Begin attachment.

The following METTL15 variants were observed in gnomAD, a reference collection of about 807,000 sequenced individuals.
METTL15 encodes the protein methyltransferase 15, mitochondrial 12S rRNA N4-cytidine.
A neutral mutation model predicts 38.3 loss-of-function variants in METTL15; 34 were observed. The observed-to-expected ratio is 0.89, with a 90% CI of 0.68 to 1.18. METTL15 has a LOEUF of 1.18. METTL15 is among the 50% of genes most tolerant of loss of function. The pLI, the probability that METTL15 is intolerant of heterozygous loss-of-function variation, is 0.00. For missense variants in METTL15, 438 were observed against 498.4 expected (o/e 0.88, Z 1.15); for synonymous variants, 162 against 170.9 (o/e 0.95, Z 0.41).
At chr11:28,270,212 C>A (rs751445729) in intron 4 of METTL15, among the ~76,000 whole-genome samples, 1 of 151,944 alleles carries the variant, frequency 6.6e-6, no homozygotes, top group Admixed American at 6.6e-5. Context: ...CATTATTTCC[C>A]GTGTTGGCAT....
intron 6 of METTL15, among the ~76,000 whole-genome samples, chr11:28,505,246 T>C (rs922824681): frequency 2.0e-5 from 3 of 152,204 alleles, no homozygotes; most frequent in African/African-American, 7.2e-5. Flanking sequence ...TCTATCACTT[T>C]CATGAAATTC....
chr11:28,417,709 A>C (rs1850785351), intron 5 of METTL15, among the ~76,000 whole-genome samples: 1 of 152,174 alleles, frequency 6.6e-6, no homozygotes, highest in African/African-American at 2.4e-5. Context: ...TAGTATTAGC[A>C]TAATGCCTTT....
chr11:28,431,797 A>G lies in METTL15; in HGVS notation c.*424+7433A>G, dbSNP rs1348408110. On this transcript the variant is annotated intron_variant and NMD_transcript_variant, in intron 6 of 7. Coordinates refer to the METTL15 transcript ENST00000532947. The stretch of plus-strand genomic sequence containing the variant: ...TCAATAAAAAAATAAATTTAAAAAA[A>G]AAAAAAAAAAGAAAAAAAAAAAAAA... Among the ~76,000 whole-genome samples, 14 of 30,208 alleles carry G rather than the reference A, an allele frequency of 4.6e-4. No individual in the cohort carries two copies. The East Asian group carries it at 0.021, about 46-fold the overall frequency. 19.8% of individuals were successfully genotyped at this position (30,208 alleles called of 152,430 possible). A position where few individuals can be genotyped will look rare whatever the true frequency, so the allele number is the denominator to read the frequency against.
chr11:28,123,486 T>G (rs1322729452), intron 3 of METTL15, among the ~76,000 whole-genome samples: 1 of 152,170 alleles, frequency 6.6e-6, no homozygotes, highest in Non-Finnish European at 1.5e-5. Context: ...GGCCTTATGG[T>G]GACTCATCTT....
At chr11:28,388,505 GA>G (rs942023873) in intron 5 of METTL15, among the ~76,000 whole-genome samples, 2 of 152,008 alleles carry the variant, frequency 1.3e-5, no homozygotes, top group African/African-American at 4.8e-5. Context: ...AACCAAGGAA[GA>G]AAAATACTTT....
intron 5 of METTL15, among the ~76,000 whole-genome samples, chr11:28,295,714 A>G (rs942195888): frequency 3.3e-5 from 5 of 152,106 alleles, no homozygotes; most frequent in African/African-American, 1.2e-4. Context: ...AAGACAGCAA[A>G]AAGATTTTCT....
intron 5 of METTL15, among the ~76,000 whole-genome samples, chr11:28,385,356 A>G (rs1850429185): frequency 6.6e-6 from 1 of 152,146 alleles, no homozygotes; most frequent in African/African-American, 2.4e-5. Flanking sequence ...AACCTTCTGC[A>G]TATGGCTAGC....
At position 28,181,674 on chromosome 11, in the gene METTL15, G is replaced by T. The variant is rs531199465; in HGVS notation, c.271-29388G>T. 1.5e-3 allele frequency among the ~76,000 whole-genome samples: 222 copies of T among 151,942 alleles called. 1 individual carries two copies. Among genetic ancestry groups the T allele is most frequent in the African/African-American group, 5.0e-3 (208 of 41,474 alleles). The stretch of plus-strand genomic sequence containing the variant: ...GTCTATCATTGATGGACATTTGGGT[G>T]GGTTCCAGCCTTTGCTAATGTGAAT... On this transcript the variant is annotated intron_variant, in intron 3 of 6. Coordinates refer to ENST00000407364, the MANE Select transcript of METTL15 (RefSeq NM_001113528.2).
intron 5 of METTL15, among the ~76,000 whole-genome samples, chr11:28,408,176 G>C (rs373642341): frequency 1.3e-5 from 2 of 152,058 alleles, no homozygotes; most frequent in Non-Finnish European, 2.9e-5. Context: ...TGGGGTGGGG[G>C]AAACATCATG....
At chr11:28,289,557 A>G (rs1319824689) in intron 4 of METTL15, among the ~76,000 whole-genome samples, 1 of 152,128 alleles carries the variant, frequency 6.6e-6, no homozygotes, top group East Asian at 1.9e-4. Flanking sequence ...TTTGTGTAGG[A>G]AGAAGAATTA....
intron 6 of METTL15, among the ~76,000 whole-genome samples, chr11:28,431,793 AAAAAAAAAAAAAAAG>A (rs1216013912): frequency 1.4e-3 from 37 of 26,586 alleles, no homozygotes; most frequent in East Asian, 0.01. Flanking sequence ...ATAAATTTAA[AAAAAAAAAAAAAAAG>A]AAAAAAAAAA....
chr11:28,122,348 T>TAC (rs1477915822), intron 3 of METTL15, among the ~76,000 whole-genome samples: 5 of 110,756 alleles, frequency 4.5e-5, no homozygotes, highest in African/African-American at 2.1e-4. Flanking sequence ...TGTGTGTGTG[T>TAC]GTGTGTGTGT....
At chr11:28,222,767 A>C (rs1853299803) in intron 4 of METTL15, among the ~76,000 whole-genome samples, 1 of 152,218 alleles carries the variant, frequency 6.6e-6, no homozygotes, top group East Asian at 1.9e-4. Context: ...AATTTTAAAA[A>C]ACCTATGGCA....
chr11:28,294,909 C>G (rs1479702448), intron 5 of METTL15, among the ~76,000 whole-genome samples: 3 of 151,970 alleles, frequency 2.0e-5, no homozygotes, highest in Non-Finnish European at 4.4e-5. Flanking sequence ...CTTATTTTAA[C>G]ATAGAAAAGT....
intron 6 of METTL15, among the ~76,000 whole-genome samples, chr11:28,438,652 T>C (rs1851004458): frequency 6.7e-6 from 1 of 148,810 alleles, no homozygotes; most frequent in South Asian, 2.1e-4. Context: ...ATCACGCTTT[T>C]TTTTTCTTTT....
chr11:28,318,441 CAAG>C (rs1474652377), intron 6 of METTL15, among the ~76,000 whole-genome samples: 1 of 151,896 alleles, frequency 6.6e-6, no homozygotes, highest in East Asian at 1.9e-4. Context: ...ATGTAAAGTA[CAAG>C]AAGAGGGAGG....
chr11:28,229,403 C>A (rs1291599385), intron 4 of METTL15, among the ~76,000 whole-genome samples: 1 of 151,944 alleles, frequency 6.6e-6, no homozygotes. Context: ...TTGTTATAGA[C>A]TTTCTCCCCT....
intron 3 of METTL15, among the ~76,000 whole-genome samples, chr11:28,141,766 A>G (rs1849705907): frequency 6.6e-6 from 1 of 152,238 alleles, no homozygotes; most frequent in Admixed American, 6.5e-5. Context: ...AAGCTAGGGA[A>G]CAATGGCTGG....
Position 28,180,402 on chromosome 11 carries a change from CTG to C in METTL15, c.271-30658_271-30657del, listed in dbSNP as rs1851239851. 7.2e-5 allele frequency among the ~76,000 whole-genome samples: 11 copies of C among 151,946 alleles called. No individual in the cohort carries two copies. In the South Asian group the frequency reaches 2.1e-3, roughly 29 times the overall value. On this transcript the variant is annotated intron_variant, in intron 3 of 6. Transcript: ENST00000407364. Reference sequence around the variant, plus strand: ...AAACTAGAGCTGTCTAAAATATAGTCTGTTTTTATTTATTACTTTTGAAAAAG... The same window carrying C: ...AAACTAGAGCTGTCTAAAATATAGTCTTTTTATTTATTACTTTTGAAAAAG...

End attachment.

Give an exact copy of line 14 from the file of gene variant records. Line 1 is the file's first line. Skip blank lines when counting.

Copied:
At chr11:28,289,557 A>G (rs1319824689) in intron 4 of METTL15, among the ~76,000 whole-genome samples, 1 of 152,128 alleles carries the variant, frequency 6.6e-6, no homozygotes, top group East Asian at 1.9e-4. Flanking sequence ...TTTGTGTAGG[A>G]AGAAGAATTA....